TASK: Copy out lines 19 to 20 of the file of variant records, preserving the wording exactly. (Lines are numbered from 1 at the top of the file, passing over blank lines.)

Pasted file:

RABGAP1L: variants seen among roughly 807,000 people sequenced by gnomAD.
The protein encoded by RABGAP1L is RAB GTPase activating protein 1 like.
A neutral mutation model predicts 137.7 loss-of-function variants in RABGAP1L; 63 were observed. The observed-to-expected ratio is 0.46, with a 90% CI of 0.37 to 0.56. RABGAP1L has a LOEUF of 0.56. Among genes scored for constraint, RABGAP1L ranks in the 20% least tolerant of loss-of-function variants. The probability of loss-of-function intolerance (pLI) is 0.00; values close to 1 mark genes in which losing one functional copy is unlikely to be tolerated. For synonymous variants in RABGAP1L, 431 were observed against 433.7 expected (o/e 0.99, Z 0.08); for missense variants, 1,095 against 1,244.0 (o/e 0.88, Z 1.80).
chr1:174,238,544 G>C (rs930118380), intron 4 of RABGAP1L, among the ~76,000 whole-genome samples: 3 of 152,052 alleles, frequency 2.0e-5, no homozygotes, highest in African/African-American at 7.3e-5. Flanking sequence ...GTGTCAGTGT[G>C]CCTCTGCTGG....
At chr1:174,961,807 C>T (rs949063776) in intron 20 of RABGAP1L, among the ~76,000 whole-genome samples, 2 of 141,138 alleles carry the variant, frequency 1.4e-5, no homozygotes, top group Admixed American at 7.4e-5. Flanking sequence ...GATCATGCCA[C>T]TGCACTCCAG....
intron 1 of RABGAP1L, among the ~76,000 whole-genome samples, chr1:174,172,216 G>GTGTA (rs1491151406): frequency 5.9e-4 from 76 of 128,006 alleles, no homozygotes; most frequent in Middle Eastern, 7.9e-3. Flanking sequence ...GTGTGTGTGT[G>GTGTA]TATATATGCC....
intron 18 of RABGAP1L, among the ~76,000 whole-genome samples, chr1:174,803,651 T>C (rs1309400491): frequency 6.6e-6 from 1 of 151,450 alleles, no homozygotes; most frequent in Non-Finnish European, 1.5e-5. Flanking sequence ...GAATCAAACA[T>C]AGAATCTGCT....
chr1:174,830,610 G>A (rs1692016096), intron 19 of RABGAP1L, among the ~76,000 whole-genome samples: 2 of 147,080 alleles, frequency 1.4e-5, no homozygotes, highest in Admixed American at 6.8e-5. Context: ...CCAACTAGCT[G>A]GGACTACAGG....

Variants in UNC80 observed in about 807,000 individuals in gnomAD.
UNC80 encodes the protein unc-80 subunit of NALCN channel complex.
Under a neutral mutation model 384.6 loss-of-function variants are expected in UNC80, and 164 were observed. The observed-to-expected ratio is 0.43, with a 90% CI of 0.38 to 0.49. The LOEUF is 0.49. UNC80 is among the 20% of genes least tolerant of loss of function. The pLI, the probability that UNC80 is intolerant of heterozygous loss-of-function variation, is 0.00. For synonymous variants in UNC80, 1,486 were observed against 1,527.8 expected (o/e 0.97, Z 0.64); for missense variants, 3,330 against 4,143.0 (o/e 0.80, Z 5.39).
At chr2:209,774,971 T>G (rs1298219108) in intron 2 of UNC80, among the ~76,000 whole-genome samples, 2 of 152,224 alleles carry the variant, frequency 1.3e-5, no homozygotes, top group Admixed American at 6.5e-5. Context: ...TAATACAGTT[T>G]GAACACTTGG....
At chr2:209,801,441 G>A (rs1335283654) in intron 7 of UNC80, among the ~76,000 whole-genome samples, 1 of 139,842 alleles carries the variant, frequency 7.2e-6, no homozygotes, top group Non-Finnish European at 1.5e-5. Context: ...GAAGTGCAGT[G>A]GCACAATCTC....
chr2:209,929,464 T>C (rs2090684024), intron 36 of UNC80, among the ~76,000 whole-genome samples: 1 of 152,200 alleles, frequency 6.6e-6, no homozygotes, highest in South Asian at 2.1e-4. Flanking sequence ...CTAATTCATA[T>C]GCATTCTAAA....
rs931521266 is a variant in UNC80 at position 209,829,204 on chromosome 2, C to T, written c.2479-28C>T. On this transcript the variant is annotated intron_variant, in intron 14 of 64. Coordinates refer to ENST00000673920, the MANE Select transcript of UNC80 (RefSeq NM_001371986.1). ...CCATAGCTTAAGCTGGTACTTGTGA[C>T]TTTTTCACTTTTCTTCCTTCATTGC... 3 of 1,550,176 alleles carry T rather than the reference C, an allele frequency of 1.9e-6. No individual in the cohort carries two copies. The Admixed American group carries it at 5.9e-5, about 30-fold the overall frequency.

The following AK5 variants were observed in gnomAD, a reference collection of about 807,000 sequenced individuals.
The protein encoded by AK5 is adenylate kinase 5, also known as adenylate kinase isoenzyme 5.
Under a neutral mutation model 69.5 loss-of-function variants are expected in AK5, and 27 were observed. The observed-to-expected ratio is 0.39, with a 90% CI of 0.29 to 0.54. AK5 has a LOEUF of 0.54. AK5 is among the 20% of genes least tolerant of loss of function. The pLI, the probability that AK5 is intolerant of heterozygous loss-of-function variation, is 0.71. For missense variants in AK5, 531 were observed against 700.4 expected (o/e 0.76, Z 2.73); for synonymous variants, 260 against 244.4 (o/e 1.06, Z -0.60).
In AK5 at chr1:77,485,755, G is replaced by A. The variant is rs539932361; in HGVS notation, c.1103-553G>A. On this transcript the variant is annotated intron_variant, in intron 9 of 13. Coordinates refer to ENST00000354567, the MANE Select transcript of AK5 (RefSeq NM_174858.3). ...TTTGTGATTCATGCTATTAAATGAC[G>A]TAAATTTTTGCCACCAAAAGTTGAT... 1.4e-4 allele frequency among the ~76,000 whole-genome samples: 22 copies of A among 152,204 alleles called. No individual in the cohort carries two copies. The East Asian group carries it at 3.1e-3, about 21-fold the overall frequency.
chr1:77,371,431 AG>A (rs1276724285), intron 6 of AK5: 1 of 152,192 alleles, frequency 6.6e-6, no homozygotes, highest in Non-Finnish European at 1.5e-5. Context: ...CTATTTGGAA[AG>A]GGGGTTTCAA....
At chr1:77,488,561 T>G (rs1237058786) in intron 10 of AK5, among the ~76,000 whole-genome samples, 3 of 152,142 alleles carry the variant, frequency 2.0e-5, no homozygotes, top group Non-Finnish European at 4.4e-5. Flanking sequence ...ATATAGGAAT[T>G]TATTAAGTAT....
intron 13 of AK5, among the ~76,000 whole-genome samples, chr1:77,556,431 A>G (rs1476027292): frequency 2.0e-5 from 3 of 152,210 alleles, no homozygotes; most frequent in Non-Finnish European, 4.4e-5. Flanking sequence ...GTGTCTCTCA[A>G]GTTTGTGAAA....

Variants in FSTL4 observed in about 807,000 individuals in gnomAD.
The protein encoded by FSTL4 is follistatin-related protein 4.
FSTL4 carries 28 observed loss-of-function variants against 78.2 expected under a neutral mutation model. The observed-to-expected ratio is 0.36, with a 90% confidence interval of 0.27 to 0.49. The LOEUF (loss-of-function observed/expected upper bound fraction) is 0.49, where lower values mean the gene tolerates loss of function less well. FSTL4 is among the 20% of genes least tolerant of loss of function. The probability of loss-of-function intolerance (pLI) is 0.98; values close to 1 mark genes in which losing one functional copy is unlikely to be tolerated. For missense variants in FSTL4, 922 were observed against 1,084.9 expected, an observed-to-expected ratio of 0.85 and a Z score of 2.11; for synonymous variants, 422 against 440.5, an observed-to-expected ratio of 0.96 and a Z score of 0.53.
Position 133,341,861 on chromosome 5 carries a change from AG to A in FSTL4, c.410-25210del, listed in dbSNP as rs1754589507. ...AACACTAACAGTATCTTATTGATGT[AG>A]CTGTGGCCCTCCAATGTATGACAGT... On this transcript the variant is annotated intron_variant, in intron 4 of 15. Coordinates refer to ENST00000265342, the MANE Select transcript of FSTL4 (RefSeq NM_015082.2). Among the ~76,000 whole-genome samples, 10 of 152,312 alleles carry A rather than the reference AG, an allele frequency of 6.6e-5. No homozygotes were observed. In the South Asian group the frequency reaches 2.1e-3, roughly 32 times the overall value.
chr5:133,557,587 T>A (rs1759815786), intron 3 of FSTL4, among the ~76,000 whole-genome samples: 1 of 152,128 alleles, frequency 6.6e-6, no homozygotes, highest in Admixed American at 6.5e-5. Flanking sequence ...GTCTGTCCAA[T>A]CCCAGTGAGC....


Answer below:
In AK5 at chr1:77,485,755, G is replaced by A. The variant is rs539932361; in HGVS notation, c.1103-553G>A. On this transcript the variant is annotated intron_variant, in intron 9 of 13. Coordinates refer to ENST00000354567, the MANE Select transcript of AK5 (RefSeq NM_174858.3). ...TTTGTGATTCATGCTATTAAATGAC[G>A]TAAATTTTTGCCACCAAAAGTTGAT... 1.4e-4 allele frequency among the ~76,000 whole-genome samples: 22 copies of A among 152,204 alleles called. No individual in the cohort carries two copies. The East Asian group carries it at 3.1e-3, about 21-fold the overall frequency.
chr1:77,371,431 AG>A (rs1276724285), intron 6 of AK5: 1 of 152,192 alleles, frequency 6.6e-6, no homozygotes, highest in Non-Finnish European at 1.5e-5. Context: ...CTATTTGGAA[AG>A]GGGGTTTCAA....